When I was seventeen, with going-to-college not an option… I joined the service.  Aaron was standing beside me the day I left out on a bus, bound for Marine bootcamp on Parris Island.

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Two years later, when his parents divorced, Aaron moved in with me and finished his senior year at a high school in South Carolina where I was stationed.

And though our lives separated for most of our adult lives, they paralleled each other’s in so many ways…

While in the service, I got married, had two daughters and was divorced within a couple of years.  He too got married, had two daughters and divorced.

His third child, Greg, who is 25 now, has down syndrome.  My third daughter, little Indiana with her sweet almond eyes, didn’t come along for me until many years later.

In the mid-90’s while I was still new to Tennessee, chasing my dreams and struggling to find myself and God, Aaron was 500 miles away in Illinois going through the same thing.  Not long after he became a Christian, so did I.  It was Aaron’s journey to faith that played a huge part in leading me to find mine.

His second marriage to Jill Hodel was the vision of marriage that I had always hoped for and dreamed of.  So beside my bed each night, I prayed that God might bring someone special into my life, like He had brought to Aaron.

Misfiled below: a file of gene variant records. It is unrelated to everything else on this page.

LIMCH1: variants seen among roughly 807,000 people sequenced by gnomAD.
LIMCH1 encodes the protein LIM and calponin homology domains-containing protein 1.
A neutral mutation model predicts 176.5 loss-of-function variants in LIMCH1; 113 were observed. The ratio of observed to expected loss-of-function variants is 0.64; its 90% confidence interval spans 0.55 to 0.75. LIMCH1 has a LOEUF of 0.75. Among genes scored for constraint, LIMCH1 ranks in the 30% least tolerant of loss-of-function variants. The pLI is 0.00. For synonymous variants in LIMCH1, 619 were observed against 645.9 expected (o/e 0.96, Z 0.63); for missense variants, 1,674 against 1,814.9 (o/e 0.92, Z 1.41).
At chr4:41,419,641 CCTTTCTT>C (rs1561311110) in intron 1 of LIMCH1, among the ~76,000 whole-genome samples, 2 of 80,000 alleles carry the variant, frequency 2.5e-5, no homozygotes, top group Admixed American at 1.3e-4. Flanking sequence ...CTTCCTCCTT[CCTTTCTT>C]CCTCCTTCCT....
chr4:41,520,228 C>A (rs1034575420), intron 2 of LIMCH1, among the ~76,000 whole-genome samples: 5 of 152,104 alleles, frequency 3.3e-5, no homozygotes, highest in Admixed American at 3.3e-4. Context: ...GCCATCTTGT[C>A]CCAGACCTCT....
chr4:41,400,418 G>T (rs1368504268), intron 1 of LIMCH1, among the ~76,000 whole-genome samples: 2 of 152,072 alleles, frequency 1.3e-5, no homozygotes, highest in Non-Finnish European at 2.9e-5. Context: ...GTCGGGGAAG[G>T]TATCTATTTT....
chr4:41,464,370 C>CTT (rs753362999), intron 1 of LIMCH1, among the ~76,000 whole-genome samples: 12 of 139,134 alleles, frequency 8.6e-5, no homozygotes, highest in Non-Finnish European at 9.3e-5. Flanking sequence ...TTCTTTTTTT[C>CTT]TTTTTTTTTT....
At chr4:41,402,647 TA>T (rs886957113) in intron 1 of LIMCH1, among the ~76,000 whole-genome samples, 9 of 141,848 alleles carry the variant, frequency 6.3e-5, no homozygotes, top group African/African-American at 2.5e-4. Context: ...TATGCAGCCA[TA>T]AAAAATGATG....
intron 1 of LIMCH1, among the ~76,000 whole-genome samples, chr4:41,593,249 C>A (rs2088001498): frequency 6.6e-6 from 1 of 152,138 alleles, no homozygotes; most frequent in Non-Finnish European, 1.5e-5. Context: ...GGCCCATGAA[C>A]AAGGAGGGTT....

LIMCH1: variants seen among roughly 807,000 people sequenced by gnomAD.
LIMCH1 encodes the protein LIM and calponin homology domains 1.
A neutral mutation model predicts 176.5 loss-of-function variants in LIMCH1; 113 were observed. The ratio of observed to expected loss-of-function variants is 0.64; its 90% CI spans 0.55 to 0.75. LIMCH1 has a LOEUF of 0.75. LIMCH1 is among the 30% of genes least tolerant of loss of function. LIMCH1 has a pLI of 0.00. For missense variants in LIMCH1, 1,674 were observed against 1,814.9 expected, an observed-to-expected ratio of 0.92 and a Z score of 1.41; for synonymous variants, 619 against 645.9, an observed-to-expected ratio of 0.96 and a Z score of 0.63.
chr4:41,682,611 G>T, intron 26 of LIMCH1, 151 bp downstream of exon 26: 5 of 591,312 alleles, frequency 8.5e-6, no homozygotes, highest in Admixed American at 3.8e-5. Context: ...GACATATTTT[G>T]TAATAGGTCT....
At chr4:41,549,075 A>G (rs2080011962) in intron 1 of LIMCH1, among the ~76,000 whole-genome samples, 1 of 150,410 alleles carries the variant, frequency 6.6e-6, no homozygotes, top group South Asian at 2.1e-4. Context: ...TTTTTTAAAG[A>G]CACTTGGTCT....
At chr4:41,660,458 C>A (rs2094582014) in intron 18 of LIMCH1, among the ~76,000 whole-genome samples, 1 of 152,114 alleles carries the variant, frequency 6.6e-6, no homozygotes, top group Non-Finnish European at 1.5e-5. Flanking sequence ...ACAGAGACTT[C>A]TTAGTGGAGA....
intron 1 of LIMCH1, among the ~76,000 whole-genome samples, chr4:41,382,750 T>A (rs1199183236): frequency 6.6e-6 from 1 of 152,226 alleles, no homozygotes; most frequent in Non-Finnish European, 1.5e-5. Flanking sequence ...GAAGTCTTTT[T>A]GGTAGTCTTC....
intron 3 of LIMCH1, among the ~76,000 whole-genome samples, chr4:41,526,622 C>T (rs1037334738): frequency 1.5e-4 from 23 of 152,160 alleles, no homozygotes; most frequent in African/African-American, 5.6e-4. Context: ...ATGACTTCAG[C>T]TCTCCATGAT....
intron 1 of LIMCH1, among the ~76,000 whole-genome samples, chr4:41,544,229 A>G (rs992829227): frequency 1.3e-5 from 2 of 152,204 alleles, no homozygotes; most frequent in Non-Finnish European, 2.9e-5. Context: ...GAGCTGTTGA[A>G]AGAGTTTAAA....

Not long after that, I was playing a show at the Bluebird Cafe and a beautiful brown-eyed girl with a boy’s name was in the audience listening.

Joey and I got married in 2002.

Aaron’s wife Jill grew up in the same farmhouse in Illinois her whole life.  She has 4 siblings whose names all begin with letter J… Jeff, Jason, Jeremy and Jamie.  My wife Joey grew up in the same farmhouse in Indiana her whole life and she has 4 siblings also.  Their names are Jody, Julie, Justin and Jessie.

Aaron and Jill’s anniversary is June 15th.  The same as ours.  On his 5th wedding anniversary, Aaron was the best man at our wedding.

While still in medical school in Chicago, Jill was diagnosed with cancer.  After surgery, and many rounds of chemo and radiation, she made a full-recovery and now Jill Carnahan is one the country’s leading functional medicine doctors.